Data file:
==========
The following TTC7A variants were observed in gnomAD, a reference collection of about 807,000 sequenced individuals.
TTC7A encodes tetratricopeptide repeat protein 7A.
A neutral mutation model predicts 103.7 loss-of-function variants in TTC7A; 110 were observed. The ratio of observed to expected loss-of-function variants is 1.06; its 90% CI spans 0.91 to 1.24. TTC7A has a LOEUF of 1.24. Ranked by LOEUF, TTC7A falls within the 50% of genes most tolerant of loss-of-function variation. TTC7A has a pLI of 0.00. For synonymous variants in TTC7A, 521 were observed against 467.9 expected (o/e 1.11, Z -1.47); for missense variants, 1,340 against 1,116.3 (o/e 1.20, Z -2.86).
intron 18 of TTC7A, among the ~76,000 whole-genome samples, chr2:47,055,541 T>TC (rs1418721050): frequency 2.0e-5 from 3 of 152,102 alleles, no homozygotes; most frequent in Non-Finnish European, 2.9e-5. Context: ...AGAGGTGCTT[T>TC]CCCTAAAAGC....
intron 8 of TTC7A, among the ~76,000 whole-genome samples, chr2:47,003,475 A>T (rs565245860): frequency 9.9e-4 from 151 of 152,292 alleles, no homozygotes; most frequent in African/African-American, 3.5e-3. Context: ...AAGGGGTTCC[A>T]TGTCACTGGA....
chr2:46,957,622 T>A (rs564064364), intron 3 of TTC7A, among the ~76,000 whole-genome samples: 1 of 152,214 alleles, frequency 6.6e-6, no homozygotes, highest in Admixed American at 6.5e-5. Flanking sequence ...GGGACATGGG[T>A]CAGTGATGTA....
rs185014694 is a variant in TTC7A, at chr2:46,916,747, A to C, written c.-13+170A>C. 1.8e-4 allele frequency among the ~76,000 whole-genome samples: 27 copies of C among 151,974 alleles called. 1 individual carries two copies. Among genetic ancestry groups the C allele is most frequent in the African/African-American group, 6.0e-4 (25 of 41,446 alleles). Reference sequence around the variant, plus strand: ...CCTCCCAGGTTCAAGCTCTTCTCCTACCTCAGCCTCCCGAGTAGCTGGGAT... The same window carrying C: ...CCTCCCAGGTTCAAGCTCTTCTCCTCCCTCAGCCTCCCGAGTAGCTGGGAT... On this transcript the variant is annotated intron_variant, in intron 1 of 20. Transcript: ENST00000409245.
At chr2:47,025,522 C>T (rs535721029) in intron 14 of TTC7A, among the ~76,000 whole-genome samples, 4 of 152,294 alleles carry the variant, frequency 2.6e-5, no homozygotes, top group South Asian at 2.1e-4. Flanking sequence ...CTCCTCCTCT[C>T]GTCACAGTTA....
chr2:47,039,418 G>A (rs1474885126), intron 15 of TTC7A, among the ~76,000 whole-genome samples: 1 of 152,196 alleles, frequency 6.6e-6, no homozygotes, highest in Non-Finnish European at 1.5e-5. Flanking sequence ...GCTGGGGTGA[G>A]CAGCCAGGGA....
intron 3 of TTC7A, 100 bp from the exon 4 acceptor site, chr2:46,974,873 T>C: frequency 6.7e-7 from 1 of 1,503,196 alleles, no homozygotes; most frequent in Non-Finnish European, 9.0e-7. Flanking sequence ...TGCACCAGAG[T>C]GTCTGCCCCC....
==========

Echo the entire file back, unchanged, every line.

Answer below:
The following TTC7A variants were observed in gnomAD, a reference collection of about 807,000 sequenced individuals.
TTC7A encodes tetratricopeptide repeat protein 7A.
A neutral mutation model predicts 103.7 loss-of-function variants in TTC7A; 110 were observed. The ratio of observed to expected loss-of-function variants is 1.06; its 90% CI spans 0.91 to 1.24. TTC7A has a LOEUF of 1.24. Ranked by LOEUF, TTC7A falls within the 50% of genes most tolerant of loss-of-function variation. TTC7A has a pLI of 0.00. For synonymous variants in TTC7A, 521 were observed against 467.9 expected (o/e 1.11, Z -1.47); for missense variants, 1,340 against 1,116.3 (o/e 1.20, Z -2.86).
intron 18 of TTC7A, among the ~76,000 whole-genome samples, chr2:47,055,541 T>TC (rs1418721050): frequency 2.0e-5 from 3 of 152,102 alleles, no homozygotes; most frequent in Non-Finnish European, 2.9e-5. Context: ...AGAGGTGCTT[T>TC]CCCTAAAAGC....
intron 8 of TTC7A, among the ~76,000 whole-genome samples, chr2:47,003,475 A>T (rs565245860): frequency 9.9e-4 from 151 of 152,292 alleles, no homozygotes; most frequent in African/African-American, 3.5e-3. Context: ...AAGGGGTTCC[A>T]TGTCACTGGA....
chr2:46,957,622 T>A (rs564064364), intron 3 of TTC7A, among the ~76,000 whole-genome samples: 1 of 152,214 alleles, frequency 6.6e-6, no homozygotes, highest in Admixed American at 6.5e-5. Flanking sequence ...GGGACATGGG[T>A]CAGTGATGTA....
rs185014694 is a variant in TTC7A, at chr2:46,916,747, A to C, written c.-13+170A>C. 1.8e-4 allele frequency among the ~76,000 whole-genome samples: 27 copies of C among 151,974 alleles called. 1 individual carries two copies. Among genetic ancestry groups the C allele is most frequent in the African/African-American group, 6.0e-4 (25 of 41,446 alleles). Reference sequence around the variant, plus strand: ...CCTCCCAGGTTCAAGCTCTTCTCCTACCTCAGCCTCCCGAGTAGCTGGGAT... The same window carrying C: ...CCTCCCAGGTTCAAGCTCTTCTCCTCCCTCAGCCTCCCGAGTAGCTGGGAT... On this transcript the variant is annotated intron_variant, in intron 1 of 20. Transcript: ENST00000409245.
At chr2:47,025,522 C>T (rs535721029) in intron 14 of TTC7A, among the ~76,000 whole-genome samples, 4 of 152,294 alleles carry the variant, frequency 2.6e-5, no homozygotes, top group South Asian at 2.1e-4. Flanking sequence ...CTCCTCCTCT[C>T]GTCACAGTTA....
chr2:47,039,418 G>A (rs1474885126), intron 15 of TTC7A, among the ~76,000 whole-genome samples: 1 of 152,196 alleles, frequency 6.6e-6, no homozygotes, highest in Non-Finnish European at 1.5e-5. Flanking sequence ...GCTGGGGTGA[G>A]CAGCCAGGGA....
intron 3 of TTC7A, 100 bp from the exon 4 acceptor site, chr2:46,974,873 T>C: frequency 6.7e-7 from 1 of 1,503,196 alleles, no homozygotes; most frequent in Non-Finnish European, 9.0e-7. Flanking sequence ...TGCACCAGAG[T>C]GTCTGCCCCC....